Using Facebook as a great example of gamification design, one of their stated business goals is to make their news feed a great experience for keeping up with your friends and family. One key metrics to drive toward this goal might be the number of user updates — users posting images, videos, and updates to their news feeds. So they want their users to post more news feed updates. The remainder of their gamification design thinking would involve motivating their users to perform this action.
In our case, to achieve our goal of maximum coupon coverage, we needed our community of users to share deals, so this became our core user action.
Understand your users’ motivations
Motivation is key to driving action. You may have the world’s most beautiful and intuitive photo sharing widget, but if your users are not adequately motivated to post a photo with it every day, your app may fail to reach its goals.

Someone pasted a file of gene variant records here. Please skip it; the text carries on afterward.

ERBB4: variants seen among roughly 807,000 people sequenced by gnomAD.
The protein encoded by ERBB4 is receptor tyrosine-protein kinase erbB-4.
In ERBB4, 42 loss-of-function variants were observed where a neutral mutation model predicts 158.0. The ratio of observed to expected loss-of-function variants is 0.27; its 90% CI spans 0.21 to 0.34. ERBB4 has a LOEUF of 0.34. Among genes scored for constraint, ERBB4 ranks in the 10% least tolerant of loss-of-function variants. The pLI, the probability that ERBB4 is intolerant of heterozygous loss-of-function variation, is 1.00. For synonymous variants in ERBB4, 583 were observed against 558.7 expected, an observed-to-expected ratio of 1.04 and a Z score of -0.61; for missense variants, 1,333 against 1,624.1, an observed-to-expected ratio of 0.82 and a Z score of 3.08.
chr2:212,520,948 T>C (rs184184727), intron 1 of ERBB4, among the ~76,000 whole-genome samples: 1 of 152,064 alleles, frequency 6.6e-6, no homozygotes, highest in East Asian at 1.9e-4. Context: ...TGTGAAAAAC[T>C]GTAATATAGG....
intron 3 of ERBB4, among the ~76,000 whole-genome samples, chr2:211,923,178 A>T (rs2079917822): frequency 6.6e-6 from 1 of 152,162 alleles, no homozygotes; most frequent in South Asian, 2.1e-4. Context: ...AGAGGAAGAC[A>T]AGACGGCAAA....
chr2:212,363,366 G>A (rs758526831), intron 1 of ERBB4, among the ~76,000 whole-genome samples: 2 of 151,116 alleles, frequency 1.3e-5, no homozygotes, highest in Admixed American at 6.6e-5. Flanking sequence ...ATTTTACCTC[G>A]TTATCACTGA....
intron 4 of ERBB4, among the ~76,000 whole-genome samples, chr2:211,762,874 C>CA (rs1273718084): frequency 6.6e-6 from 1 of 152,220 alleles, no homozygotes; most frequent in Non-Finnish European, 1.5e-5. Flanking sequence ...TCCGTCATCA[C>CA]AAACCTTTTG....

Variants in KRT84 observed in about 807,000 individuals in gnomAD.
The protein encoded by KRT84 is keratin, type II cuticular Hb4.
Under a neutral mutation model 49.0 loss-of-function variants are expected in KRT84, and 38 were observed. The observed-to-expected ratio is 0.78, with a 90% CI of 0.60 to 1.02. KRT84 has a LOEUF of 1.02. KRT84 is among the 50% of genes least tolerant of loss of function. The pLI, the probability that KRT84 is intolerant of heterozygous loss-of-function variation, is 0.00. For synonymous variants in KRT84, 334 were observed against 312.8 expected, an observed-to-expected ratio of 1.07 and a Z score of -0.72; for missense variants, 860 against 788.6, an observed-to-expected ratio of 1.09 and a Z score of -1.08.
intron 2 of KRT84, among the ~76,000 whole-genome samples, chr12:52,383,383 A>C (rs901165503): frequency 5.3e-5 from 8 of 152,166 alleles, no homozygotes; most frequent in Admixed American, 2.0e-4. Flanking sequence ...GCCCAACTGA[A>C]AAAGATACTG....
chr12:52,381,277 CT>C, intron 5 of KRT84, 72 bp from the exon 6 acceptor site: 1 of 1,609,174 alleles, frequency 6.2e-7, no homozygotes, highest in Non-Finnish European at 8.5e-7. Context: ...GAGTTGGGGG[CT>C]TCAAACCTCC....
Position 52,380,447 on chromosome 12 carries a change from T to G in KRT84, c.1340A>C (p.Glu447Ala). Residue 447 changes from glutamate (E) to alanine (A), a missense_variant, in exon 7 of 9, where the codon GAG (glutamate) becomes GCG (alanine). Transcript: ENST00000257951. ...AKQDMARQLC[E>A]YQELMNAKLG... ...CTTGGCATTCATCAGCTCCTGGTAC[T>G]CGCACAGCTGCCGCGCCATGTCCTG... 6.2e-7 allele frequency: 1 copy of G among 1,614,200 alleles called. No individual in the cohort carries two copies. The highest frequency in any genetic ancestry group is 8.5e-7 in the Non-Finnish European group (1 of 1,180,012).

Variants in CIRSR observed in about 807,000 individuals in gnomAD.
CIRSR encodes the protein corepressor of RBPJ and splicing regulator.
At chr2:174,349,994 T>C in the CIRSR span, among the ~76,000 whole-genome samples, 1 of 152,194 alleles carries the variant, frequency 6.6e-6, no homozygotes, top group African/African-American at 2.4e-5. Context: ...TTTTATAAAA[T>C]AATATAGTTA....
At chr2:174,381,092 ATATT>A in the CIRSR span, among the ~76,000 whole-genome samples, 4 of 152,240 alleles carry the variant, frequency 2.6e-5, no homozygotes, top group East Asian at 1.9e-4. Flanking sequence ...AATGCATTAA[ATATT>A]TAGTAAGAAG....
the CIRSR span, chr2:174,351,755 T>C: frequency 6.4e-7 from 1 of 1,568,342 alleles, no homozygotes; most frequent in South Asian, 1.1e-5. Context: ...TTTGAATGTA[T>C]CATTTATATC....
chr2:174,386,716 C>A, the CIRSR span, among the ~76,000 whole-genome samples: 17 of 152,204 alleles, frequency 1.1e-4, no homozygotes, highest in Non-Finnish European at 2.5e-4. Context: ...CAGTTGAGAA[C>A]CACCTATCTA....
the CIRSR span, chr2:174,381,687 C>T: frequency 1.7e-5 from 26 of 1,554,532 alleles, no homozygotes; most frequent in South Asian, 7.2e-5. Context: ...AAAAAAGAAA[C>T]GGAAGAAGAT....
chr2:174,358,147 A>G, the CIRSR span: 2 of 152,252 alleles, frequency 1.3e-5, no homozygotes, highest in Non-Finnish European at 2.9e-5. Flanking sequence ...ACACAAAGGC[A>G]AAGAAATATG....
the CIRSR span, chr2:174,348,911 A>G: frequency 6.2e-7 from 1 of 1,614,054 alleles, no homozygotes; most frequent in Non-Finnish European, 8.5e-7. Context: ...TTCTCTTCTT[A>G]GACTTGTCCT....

This is where gamification design comes in. Games do a great job of appealing to our motivations. In fact, they’re so good at this that despite the fact that there is no practical benefit to playing (most) games, players still spend hours upon hours playing them. This is because game designers have mastered the art of appealing to player motivations, and this is the same type of thinking we’re going to bring into our business app.
Here’s the key: unlike games, your business app or platform probably has a practical or intrinsic benefit to its use. Employees use your internal dashboard because it is a part of their job, users of your photo sharing app find satisfaction when other people view their photos, people use Facebook to stay in touch with friends. However, in many cases, there are motivation gaps. Employees just login to the dashboard and complete the minimal required tasks, users may only share one photo per month, or Facebook users may only browse their feeds without sharing an update.